In issue 18
, published in 2006, we talked about Edward Tufte's concept of sparklines. Since then there's been more published material on SAS and sparklines, most notably Paul OldenKamp's SGF 2008 paper
entitled "An Interpretation of Sparkline Graphs and Their Creation with SAS® Software". Paul very kindly refers to issue 18 of NOTE:
Sparklines are a tremendously rich means of communicating information in a small space. BI tools such as QlikView now include sparklines as a standard graphical object.
Here's our original article:
is a world renowned expert on information graphics, i.e. the science of presenting information in a graphical format. In his recent publication named Beautiful Evidence
, Mr Tufte formally introduced the concept of sparklines - small, high resolution graphics embedded in a context of words, numbers, or images. You can read large parts of a draft of the sparklines section of Mr Tufte's book in the discussion thread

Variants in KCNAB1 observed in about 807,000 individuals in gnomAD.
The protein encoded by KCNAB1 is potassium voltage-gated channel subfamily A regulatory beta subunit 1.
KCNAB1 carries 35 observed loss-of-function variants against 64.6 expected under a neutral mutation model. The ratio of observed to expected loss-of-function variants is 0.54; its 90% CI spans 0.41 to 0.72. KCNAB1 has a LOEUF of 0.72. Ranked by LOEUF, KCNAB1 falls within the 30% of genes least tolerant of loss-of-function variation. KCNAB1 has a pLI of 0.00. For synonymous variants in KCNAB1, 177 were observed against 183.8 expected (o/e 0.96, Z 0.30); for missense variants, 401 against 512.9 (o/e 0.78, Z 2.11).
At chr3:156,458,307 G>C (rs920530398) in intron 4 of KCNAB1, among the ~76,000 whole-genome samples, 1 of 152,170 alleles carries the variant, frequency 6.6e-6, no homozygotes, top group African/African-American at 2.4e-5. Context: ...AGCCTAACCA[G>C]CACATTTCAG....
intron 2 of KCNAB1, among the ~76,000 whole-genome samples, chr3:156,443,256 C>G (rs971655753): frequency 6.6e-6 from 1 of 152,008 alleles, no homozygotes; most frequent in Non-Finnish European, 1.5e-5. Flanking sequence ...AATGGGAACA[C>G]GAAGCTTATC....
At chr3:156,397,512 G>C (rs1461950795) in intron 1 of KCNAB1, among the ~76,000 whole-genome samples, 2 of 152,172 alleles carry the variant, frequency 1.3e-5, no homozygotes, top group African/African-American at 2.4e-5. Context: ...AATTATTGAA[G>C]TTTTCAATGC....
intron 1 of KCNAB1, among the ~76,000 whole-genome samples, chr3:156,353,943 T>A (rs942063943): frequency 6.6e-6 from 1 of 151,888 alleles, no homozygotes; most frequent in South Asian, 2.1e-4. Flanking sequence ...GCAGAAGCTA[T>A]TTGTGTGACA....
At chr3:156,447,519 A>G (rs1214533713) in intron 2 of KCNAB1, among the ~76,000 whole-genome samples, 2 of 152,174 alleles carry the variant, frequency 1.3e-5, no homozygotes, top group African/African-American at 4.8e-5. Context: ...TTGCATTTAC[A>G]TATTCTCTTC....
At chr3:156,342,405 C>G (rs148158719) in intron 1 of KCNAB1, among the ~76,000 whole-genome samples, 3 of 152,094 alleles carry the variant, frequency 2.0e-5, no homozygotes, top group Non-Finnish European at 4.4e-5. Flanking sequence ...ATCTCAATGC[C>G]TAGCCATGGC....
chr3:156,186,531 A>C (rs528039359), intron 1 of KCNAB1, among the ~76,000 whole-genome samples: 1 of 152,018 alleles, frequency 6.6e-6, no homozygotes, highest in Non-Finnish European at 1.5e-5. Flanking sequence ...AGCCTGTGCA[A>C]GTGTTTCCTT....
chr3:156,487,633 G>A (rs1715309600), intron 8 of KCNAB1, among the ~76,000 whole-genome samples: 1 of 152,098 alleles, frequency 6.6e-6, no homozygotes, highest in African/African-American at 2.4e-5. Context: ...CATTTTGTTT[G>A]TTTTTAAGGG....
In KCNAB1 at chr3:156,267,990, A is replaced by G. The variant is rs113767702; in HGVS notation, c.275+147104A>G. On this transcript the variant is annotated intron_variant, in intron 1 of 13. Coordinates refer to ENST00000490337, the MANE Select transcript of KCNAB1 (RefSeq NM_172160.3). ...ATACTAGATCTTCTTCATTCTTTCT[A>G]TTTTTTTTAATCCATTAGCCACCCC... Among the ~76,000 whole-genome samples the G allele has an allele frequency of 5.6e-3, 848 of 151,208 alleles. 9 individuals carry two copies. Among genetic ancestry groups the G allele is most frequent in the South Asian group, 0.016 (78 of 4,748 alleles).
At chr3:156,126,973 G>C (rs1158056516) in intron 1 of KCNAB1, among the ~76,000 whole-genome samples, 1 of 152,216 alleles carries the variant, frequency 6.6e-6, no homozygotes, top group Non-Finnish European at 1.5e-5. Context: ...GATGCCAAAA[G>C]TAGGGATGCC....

he started on his site in 2004.
As illustrated in Mr Tufte's book, sparklines are an extremely powerful means of communicating information. I think they're at their most powerful when used within a paragraph of text, almost as if they were a word. For example, we had some very hot weather earlier this month, but it's now reduced to a more comfortable level, as you can see:
. The sparkline neatly conveys all of the information without interrupting the flow or layout of the text. There are many variations on the sparklines theme, all of which are discussed in Beautiful Evidence
If you want to experiment with using sparklines, you might like to try BitWorking's sparkline generator
. It's a neat and simple web-based means of getting a sparkline for your data. Alternatively, if you visit Bissantz's page on sparklines
, you'll see that they produce SparkMaker (an add-in for Microsoft Office that lets you create your own sparklines in Word, Excel, PowerPoint, or HTML documents) and SparkFonts (TrueType Fonts for the character-oriented generation of sparklines). And finally, there are plenty of macros and add-ins for producing sparklines within Excel - just use your favourite search engine..
However, as a SAS practitioner, I'm sure you're thinking to yourself "I'll bet SAS/GRAPH can do sparklines neatly", and you'd be right of course! The following basic macro, and example invocation, produces a very effective sparkline: